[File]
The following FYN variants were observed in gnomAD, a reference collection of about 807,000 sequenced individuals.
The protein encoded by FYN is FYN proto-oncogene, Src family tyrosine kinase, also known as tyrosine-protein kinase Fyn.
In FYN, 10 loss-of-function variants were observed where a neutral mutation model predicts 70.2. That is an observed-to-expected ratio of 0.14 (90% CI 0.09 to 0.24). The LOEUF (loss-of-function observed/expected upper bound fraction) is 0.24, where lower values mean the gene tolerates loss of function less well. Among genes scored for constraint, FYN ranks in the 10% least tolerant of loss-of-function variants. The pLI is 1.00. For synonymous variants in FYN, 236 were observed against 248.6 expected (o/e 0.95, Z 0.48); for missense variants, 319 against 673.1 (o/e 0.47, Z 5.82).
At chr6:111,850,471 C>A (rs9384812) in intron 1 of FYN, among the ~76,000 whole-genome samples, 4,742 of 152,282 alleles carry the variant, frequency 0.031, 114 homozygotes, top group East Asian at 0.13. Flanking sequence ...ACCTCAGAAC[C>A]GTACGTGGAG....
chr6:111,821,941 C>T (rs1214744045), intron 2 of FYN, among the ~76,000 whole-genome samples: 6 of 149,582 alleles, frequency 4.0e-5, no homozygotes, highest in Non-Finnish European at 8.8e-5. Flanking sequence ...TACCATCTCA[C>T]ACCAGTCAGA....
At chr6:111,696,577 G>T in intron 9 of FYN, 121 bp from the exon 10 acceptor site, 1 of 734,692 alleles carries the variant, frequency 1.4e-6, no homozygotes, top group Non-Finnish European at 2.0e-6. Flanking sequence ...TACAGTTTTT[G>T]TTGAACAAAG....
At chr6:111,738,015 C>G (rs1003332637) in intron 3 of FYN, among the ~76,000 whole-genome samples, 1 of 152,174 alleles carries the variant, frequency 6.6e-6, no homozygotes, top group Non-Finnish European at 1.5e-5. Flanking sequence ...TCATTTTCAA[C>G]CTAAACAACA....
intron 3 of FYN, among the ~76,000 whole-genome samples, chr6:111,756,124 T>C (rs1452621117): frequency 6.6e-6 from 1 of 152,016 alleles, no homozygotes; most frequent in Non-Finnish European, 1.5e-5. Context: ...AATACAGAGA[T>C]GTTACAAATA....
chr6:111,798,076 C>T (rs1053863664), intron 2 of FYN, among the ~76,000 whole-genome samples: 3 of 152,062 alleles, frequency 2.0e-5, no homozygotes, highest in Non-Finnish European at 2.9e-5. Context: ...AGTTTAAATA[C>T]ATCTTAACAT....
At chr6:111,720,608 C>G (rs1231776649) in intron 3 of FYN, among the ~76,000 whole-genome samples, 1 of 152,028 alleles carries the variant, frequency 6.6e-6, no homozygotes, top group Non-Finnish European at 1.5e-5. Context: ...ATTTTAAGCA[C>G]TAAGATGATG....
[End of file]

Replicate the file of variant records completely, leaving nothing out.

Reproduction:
The following FYN variants were observed in gnomAD, a reference collection of about 807,000 sequenced individuals.
The protein encoded by FYN is FYN proto-oncogene, Src family tyrosine kinase, also known as tyrosine-protein kinase Fyn.
In FYN, 10 loss-of-function variants were observed where a neutral mutation model predicts 70.2. That is an observed-to-expected ratio of 0.14 (90% CI 0.09 to 0.24). The LOEUF (loss-of-function observed/expected upper bound fraction) is 0.24, where lower values mean the gene tolerates loss of function less well. Among genes scored for constraint, FYN ranks in the 10% least tolerant of loss-of-function variants. The pLI is 1.00. For synonymous variants in FYN, 236 were observed against 248.6 expected (o/e 0.95, Z 0.48); for missense variants, 319 against 673.1 (o/e 0.47, Z 5.82).
At chr6:111,850,471 C>A (rs9384812) in intron 1 of FYN, among the ~76,000 whole-genome samples, 4,742 of 152,282 alleles carry the variant, frequency 0.031, 114 homozygotes, top group East Asian at 0.13. Flanking sequence ...ACCTCAGAAC[C>A]GTACGTGGAG....
chr6:111,821,941 C>T (rs1214744045), intron 2 of FYN, among the ~76,000 whole-genome samples: 6 of 149,582 alleles, frequency 4.0e-5, no homozygotes, highest in Non-Finnish European at 8.8e-5. Flanking sequence ...TACCATCTCA[C>T]ACCAGTCAGA....
At chr6:111,696,577 G>T in intron 9 of FYN, 121 bp from the exon 10 acceptor site, 1 of 734,692 alleles carries the variant, frequency 1.4e-6, no homozygotes, top group Non-Finnish European at 2.0e-6. Flanking sequence ...TACAGTTTTT[G>T]TTGAACAAAG....
At chr6:111,738,015 C>G (rs1003332637) in intron 3 of FYN, among the ~76,000 whole-genome samples, 1 of 152,174 alleles carries the variant, frequency 6.6e-6, no homozygotes, top group Non-Finnish European at 1.5e-5. Flanking sequence ...TCATTTTCAA[C>G]CTAAACAACA....
intron 3 of FYN, among the ~76,000 whole-genome samples, chr6:111,756,124 T>C (rs1452621117): frequency 6.6e-6 from 1 of 152,016 alleles, no homozygotes; most frequent in Non-Finnish European, 1.5e-5. Context: ...AATACAGAGA[T>C]GTTACAAATA....
chr6:111,798,076 C>T (rs1053863664), intron 2 of FYN, among the ~76,000 whole-genome samples: 3 of 152,062 alleles, frequency 2.0e-5, no homozygotes, highest in Non-Finnish European at 2.9e-5. Context: ...AGTTTAAATA[C>T]ATCTTAACAT....
At chr6:111,720,608 C>G (rs1231776649) in intron 3 of FYN, among the ~76,000 whole-genome samples, 1 of 152,028 alleles carries the variant, frequency 6.6e-6, no homozygotes, top group Non-Finnish European at 1.5e-5. Context: ...ATTTTAAGCA[C>G]TAAGATGATG....